Slip-and-Fall Accidents Could Be a Thing of The Past!

How property owners, insurers and the legal industry will address slip-and-fall accidents is certain to change with the recent introduction of the ANSI B101.1 walkway safety standard.

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The goal of the standard is to reduce the nation's growing number of slip-and-fall related injuries by increasing the traction of walkways.

Southlake, TX (PRWEB) December 2, 2009

The American National Standards Institute (ANSI) B101 committee on Slip, Trip and Fall Prevention has released the nation's first-ever, floor safety standard designed to prevent pedestrian slips and falls. The ANSI B101.1 standard provides property owners, insurers, and flooring manufacturers with an important tool by which they can measure the risk of a slip and fall and, in-turn, prevent such accidents from occurring. "This new standard reflects more than a decade of research by the National Floor Safety Institute (NFSI) and is the first step in reducing unintentional slip-and-fall related injuries," says Russell Kendzior, Secretary of the ANSI B101 committee and founder of the NFSI.

In 2007, the Center for Disease Control (CDC) estimated that 2.2 million Americans sought emergency room treatment for an accidental fall making falls the leading cause of emergency room visits in America. The National Safety Council's 2008 edition of "Injury Facts", lists falls as the leading cause of accidental death for people over the age of 85. In 2006, 21,200 people died as the result of an accidental fall.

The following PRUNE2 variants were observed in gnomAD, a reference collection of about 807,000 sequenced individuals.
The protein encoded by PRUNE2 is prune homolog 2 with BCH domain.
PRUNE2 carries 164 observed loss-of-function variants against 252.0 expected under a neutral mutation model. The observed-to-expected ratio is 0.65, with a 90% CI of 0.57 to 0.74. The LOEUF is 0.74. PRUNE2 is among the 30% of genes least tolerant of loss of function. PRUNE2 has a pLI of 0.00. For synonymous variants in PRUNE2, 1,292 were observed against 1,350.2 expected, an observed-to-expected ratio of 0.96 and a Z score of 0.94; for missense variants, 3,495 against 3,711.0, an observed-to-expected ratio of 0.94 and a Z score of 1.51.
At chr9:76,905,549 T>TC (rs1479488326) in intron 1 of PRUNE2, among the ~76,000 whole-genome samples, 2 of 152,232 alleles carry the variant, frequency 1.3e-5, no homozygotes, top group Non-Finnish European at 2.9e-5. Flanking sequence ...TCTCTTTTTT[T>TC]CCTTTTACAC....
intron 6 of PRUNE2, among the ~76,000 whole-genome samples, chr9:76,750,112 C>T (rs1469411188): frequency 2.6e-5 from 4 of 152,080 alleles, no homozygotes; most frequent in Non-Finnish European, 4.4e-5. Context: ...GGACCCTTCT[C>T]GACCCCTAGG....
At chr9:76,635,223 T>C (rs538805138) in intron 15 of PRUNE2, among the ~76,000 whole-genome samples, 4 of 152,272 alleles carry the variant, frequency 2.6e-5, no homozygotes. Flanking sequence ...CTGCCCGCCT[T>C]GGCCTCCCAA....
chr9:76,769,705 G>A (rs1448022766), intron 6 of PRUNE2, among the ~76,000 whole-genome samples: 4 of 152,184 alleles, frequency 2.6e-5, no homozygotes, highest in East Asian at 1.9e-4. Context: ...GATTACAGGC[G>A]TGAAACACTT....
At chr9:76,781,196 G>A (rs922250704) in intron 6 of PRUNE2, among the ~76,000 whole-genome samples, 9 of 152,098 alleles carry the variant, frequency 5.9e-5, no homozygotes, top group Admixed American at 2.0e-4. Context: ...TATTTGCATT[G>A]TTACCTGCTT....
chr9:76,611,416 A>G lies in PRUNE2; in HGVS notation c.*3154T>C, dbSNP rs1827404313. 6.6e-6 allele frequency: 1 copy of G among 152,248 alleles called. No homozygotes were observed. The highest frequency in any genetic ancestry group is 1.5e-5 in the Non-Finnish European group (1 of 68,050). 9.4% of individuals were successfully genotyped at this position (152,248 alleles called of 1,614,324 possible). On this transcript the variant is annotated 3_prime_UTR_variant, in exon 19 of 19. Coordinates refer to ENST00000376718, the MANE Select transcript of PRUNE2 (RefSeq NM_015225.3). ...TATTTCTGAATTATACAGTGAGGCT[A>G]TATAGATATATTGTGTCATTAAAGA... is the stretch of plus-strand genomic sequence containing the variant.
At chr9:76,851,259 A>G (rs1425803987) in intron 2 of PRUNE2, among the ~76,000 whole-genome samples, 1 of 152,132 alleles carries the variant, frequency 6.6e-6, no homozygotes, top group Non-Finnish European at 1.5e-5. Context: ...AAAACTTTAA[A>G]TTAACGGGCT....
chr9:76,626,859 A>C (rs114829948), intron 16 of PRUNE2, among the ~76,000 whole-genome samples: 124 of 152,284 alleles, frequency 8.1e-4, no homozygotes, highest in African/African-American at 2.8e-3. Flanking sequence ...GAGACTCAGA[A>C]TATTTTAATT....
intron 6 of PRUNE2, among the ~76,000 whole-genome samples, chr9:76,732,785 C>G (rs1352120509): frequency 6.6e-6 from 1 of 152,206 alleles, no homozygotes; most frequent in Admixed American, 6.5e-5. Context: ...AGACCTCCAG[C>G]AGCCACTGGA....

Individuals over the age of 60 are the most likely victim of a fall. The U.S. Census Bureau estimates that the number of Americans age 60+ will more than double over the next decade as the "baby-boomers" begin to retire. The CDC has declared elderly falls a national epidemic and estimates the annual cost to be $40 billion.

Under the new ANSI B101.1 standard, the slip-resistance of a walkway can be measured and categorized into one of three "Traction" ranges: High Traction, Moderate Traction or Low Traction. Floors categorized as High Traction present a low risk of a slip and fall while Moderate Traction and Low Traction floors present an elevated risk.

Business owners are encouraged to have their floors tested to determine into which Traction range their floors fall. The NFSI recommends that ANSI B101.1 compliance testing be performed by an NFSI Certified Walkway Auditor, a listing of which can be found at the NFSI's website at http://www.nfsi.org.

Kendzior adds that, "The goal of the standard is to reduce the nation's growing number of slip-and-fall related injuries by increasing the traction of walkways." According to the NFSI, High Traction floors have been clinically proven to reduce slip-and-fall claims by as much as 90%. Once identified, the slip-resistance of Moderate and Low Traction floors can often be elevated into the High Traction range through improved floor maintenance.

The NFSI is a 501(c)-3 not-for-profit charitable foundation whose mission is "to aid in the prevention of slips, trips, and falls through education, research, and standards development." The NFSI is an ANSI Accredited Standards Developing Organization and established the ANSI B101 committee.

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